Growing Up

Claire CottrellOn Monday, Kelly and I were talking about how crazy it feels that we’ll be turning 23 this year. As she shared with me her “life plan” for the next 7 years of her twenties, I felt this bubble of panic rise in my chest. Before I turned 20 I was so excited for adulthood. I imagined where I’d be living, what work I’d be doing, what kind of fun things I’d get up to. Suddenly I’d be wise and successful. Everything I touched would turn to gold. And while many of my teenage dreams have been realized (college degree, boyfriend, Berkeley living), I don’t feel that balance or togetherness that I also imagined would accompany twentydom. In some ways, I feel much more confused now than I ever did when I was 17. Because now I’m not naive enough to think that by 26 I’ll have it figured out. Or that when I reach my 30s I’ll achieve that zen-like balance that I thought was part-and-parcel of growing up. Blerg-pants.

Today, my good friend Meghan shared this beautiful quote on her blog and the sentiment really resonated with me.

Sometimes you’re 23 and standing in the kitchen of your house making breakfast and brewing coffee and listening to music that for some reason is really getting to your heart. You’re just standing there thinking about going to work and picking up your dry cleaning. And also more exciting things like books you’re reading and trips you plan on taking and relationships that are springing into existence. Or fading from your memory, which is far less exciting. And suddenly you just don’t feel at home in your skin or in your house and you just want home but “Mom’s” probably wouldn’t feel like home anymore either. There used to be the comfort of a number in your phone and ears that listened everyday and arms that were never for anyone else. But just to calm you down when you started feeling trapped in a five-minute period where nostalgia is too much and thoughts of this person you are feel foreign. When you realize that you’ll never be this young again but this is the first time you’ve ever been this old. When you can’t remember how you got from sixteen to here and all the same feel like sixteen is just as much of a stranger to you now. The song is over. The coffee’s done. You’re going to breathe in and out. You’re going to be fine in about five minutes.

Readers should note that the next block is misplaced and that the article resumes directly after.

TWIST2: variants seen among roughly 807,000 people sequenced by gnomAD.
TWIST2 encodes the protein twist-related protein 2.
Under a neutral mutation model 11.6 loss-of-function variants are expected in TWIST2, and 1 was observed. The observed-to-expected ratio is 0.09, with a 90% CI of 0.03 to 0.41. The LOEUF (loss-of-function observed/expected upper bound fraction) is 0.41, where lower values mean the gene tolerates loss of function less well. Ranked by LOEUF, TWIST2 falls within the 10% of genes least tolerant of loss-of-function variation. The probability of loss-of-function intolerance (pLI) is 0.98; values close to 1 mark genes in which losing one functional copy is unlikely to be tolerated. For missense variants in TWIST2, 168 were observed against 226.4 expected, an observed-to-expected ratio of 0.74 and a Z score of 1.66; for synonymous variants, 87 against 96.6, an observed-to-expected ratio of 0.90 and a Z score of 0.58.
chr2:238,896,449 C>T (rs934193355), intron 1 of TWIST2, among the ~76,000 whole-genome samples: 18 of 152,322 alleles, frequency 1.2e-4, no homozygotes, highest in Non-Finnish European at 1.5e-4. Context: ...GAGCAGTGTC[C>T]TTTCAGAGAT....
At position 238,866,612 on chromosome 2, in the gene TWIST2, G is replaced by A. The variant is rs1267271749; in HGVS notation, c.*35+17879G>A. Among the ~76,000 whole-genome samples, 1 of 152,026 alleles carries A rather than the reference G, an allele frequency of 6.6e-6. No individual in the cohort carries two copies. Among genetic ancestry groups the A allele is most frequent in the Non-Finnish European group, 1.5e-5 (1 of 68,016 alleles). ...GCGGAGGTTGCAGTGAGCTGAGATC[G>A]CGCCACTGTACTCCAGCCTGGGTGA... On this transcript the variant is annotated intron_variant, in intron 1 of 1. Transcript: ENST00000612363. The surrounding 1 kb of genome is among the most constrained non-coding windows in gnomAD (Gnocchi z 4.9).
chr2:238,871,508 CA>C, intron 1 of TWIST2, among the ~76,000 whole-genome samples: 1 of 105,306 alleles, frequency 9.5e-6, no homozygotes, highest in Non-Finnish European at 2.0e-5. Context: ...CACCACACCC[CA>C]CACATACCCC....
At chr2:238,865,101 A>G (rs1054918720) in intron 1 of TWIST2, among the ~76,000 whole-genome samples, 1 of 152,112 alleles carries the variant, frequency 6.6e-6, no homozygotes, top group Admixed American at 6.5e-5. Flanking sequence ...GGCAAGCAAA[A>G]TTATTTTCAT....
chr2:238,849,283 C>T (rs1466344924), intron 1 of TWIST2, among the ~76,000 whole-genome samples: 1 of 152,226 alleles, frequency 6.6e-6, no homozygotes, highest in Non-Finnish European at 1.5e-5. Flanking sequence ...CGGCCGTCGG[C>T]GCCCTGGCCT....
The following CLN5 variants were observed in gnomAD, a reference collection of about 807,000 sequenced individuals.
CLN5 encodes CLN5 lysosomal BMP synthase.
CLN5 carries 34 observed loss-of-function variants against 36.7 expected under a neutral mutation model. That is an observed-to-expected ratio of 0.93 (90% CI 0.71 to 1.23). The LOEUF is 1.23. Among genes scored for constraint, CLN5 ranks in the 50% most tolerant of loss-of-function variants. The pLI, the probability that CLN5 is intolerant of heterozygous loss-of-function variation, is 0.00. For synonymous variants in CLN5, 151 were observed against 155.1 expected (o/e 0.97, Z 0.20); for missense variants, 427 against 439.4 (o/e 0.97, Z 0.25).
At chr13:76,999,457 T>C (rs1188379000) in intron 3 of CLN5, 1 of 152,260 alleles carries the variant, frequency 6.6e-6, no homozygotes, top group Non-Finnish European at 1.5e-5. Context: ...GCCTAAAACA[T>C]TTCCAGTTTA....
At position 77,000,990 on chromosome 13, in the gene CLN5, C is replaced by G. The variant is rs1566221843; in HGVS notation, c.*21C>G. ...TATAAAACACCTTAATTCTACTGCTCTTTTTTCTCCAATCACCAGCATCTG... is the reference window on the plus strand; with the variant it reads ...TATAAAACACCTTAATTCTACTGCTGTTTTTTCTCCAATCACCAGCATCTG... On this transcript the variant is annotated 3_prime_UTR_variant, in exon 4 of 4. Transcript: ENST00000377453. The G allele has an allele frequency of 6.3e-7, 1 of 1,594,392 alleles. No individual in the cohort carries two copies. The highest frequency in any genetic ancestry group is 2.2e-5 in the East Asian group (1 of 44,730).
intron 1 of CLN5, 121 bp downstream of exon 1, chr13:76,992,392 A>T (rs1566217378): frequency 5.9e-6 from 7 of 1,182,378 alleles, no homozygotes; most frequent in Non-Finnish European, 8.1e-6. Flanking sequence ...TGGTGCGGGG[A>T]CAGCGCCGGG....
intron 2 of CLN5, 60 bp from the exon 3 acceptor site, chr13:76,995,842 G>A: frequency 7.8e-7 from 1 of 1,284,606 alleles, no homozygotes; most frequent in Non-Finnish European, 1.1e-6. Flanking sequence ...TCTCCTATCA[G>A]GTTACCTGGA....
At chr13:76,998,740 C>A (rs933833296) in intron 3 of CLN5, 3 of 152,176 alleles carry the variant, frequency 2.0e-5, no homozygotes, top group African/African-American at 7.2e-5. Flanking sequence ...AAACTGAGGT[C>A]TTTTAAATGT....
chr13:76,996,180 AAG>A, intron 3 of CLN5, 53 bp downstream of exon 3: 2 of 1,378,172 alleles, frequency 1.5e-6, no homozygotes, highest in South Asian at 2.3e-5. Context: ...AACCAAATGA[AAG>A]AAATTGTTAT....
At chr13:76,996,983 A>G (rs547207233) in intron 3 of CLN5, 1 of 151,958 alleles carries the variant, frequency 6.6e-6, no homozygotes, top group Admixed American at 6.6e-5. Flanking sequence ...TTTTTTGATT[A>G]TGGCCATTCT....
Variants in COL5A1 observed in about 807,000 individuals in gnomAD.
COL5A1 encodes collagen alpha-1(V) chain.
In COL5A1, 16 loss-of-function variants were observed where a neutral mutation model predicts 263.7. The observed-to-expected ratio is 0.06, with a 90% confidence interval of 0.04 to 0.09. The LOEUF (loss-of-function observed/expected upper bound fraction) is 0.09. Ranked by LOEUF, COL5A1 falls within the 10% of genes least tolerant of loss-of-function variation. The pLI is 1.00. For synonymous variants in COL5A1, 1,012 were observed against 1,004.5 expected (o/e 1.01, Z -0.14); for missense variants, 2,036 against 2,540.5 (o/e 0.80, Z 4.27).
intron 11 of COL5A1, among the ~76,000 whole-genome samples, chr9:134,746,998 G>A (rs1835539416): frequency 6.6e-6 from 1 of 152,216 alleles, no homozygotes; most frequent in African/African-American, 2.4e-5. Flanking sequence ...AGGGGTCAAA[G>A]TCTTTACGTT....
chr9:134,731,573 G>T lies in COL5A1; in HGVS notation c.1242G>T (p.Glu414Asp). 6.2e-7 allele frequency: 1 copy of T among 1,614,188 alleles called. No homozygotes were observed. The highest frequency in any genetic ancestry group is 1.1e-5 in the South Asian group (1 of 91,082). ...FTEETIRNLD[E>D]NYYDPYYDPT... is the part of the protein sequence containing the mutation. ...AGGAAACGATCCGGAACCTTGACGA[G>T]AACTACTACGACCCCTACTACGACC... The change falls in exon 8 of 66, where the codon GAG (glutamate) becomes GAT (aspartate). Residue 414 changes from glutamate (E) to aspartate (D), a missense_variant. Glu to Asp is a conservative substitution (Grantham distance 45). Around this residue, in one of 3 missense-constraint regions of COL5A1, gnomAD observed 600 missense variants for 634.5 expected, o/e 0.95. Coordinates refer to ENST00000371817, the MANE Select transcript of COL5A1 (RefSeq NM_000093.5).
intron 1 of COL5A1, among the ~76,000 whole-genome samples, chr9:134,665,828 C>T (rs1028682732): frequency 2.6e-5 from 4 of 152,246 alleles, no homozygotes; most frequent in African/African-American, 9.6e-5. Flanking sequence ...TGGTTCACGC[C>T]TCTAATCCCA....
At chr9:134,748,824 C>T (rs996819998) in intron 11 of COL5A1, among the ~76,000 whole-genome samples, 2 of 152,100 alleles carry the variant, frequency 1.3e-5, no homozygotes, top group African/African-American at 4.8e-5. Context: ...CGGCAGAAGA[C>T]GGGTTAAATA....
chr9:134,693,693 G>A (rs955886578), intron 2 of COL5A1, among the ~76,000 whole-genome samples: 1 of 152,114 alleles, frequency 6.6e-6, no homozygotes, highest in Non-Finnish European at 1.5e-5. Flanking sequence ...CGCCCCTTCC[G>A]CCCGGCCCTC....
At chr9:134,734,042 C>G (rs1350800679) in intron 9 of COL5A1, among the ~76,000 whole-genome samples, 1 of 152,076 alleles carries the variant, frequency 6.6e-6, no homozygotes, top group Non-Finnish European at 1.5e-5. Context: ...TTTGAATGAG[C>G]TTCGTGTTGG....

As Ingrid says, all we can do is keep breathing. In fact, let’s listen to her and cry/breathe a while together.

Top image via Claire Cottrell